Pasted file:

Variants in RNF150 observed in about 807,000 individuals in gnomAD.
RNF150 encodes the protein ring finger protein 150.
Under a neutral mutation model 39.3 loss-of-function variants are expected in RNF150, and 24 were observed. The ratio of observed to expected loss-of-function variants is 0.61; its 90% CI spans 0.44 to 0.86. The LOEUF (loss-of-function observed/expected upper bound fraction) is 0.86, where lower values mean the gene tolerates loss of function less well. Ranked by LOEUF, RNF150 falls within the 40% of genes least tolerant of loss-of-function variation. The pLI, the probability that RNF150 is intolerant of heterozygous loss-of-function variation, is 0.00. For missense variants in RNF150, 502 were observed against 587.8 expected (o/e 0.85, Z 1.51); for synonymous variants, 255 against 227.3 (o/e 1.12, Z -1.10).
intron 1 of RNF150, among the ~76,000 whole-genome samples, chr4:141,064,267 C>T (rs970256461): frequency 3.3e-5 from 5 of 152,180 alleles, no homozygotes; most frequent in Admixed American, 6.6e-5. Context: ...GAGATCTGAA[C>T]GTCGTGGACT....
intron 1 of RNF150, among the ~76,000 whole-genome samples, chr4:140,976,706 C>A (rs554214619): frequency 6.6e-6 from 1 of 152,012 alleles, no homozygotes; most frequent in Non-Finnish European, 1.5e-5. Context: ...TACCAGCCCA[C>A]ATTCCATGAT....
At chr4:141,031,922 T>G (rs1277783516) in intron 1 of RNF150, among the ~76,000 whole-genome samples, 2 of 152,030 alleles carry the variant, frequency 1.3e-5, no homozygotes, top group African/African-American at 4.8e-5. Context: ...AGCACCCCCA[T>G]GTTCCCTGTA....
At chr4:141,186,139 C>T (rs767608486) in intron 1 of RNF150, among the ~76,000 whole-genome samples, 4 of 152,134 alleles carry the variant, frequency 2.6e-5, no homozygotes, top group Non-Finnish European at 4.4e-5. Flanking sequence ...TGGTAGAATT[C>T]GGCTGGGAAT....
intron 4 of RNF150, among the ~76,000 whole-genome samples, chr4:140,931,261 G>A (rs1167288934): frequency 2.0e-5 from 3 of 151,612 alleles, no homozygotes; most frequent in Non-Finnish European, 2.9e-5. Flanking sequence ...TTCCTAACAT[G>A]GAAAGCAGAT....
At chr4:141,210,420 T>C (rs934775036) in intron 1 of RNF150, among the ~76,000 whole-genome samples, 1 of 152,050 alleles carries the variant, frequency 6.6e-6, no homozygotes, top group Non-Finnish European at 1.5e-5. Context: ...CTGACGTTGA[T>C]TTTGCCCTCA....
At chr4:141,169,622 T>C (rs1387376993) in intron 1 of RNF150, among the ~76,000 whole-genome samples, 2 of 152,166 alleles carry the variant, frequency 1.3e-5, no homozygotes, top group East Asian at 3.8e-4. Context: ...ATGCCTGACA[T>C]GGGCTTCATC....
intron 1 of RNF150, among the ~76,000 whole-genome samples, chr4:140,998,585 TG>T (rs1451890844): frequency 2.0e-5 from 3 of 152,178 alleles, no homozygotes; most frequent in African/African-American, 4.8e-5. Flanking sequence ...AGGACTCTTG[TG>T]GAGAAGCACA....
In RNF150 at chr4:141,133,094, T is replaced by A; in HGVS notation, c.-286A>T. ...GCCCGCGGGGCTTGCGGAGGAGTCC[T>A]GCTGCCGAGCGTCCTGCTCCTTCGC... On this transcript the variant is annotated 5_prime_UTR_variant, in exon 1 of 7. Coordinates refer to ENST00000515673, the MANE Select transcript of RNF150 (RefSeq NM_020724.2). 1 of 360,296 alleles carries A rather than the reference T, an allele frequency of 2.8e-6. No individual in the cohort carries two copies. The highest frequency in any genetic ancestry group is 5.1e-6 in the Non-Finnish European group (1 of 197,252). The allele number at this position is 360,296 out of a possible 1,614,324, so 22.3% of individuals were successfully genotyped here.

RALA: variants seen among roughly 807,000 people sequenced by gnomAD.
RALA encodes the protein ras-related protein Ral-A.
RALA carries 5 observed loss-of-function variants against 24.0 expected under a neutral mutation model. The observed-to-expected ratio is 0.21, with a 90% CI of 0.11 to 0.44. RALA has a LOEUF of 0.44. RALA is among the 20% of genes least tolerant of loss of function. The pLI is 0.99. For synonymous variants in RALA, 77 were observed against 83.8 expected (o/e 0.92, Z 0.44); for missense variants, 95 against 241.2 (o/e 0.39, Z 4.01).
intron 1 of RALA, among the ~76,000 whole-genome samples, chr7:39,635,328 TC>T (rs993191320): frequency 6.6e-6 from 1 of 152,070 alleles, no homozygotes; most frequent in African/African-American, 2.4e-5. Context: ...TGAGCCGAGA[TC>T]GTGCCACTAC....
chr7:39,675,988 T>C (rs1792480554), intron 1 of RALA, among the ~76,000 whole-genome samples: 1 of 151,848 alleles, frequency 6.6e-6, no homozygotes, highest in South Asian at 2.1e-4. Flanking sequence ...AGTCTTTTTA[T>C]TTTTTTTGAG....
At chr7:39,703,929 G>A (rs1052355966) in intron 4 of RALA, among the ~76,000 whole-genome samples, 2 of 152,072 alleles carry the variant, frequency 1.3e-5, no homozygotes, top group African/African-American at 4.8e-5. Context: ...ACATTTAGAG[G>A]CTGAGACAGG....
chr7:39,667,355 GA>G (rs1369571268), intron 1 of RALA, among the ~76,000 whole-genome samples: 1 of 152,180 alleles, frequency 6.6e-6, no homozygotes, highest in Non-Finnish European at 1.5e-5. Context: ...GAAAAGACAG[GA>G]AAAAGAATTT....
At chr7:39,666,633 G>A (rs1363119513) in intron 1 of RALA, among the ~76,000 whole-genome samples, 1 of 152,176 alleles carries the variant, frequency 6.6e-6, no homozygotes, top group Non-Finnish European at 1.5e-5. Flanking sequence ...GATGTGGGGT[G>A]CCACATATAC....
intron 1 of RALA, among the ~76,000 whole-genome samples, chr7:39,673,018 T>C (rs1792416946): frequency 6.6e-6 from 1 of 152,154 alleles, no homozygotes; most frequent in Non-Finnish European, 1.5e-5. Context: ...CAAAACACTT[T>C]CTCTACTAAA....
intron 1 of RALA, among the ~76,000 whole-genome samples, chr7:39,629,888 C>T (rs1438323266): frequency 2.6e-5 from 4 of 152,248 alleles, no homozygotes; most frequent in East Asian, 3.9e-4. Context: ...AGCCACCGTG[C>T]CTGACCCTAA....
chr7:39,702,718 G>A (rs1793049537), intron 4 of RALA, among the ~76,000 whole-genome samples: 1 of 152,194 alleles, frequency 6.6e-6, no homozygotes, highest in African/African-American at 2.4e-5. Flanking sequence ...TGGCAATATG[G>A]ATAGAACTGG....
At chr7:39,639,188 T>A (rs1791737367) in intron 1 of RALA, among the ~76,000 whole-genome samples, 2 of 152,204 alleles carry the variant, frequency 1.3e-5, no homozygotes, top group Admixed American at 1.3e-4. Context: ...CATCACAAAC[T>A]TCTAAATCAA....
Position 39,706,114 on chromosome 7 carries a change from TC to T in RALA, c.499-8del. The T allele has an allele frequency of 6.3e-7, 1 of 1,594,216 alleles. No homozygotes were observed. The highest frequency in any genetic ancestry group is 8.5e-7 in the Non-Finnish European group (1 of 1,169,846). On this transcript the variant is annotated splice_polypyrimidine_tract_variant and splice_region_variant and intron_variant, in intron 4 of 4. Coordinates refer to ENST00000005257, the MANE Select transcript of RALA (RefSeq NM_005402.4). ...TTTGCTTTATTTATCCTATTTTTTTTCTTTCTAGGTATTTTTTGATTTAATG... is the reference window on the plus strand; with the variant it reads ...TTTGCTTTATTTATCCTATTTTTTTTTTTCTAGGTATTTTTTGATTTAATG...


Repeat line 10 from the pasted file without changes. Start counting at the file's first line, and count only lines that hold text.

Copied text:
At chr4:141,169,622 T>C (rs1387376993) in intron 1 of RNF150, among the ~76,000 whole-genome samples, 2 of 152,166 alleles carry the variant, frequency 1.3e-5, no homozygotes, top group East Asian at 3.8e-4. Context: ...ATGCCTGACA[T>C]GGGCTTCATC....